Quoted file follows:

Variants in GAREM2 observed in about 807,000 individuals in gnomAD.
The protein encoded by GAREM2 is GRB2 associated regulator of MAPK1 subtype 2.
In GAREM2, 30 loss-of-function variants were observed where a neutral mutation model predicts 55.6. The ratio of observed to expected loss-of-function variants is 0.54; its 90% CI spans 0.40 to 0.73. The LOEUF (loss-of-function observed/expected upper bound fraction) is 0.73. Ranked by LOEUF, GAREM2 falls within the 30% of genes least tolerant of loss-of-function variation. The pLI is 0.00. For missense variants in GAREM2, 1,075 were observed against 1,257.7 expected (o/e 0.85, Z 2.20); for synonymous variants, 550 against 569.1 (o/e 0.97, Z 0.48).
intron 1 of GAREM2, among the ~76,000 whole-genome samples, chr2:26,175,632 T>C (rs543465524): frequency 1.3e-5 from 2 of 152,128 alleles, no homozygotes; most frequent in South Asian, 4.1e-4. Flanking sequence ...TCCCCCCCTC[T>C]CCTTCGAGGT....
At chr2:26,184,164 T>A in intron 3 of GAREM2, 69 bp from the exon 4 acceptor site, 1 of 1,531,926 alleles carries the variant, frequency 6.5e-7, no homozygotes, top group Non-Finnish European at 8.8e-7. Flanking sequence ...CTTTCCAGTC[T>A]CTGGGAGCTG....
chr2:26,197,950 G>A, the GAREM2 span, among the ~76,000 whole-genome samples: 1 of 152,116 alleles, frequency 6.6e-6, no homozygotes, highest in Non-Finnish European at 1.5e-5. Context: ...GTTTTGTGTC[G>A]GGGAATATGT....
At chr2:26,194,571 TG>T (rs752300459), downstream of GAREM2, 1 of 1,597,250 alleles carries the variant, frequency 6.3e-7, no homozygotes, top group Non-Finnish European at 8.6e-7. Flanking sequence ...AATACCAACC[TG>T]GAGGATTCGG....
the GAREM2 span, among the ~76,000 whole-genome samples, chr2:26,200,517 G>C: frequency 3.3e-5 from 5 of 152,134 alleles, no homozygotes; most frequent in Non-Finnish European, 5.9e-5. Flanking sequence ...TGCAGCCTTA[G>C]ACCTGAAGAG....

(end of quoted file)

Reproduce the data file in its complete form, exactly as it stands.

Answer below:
Variants in GAREM2 observed in about 807,000 individuals in gnomAD.
The protein encoded by GAREM2 is GRB2 associated regulator of MAPK1 subtype 2.
In GAREM2, 30 loss-of-function variants were observed where a neutral mutation model predicts 55.6. The ratio of observed to expected loss-of-function variants is 0.54; its 90% CI spans 0.40 to 0.73. The LOEUF (loss-of-function observed/expected upper bound fraction) is 0.73. Ranked by LOEUF, GAREM2 falls within the 30% of genes least tolerant of loss-of-function variation. The pLI is 0.00. For missense variants in GAREM2, 1,075 were observed against 1,257.7 expected (o/e 0.85, Z 2.20); for synonymous variants, 550 against 569.1 (o/e 0.97, Z 0.48).
intron 1 of GAREM2, among the ~76,000 whole-genome samples, chr2:26,175,632 T>C (rs543465524): frequency 1.3e-5 from 2 of 152,128 alleles, no homozygotes; most frequent in South Asian, 4.1e-4. Flanking sequence ...TCCCCCCCTC[T>C]CCTTCGAGGT....
At chr2:26,184,164 T>A in intron 3 of GAREM2, 69 bp from the exon 4 acceptor site, 1 of 1,531,926 alleles carries the variant, frequency 6.5e-7, no homozygotes, top group Non-Finnish European at 8.8e-7. Flanking sequence ...CTTTCCAGTC[T>A]CTGGGAGCTG....
chr2:26,197,950 G>A, the GAREM2 span, among the ~76,000 whole-genome samples: 1 of 152,116 alleles, frequency 6.6e-6, no homozygotes, highest in Non-Finnish European at 1.5e-5. Context: ...GTTTTGTGTC[G>A]GGGAATATGT....
At chr2:26,194,571 TG>T (rs752300459), downstream of GAREM2, 1 of 1,597,250 alleles carries the variant, frequency 6.3e-7, no homozygotes, top group Non-Finnish European at 8.6e-7. Flanking sequence ...AATACCAACC[TG>T]GAGGATTCGG....
the GAREM2 span, among the ~76,000 whole-genome samples, chr2:26,200,517 G>C: frequency 3.3e-5 from 5 of 152,134 alleles, no homozygotes; most frequent in Non-Finnish European, 5.9e-5. Flanking sequence ...TGCAGCCTTA[G>C]ACCTGAAGAG....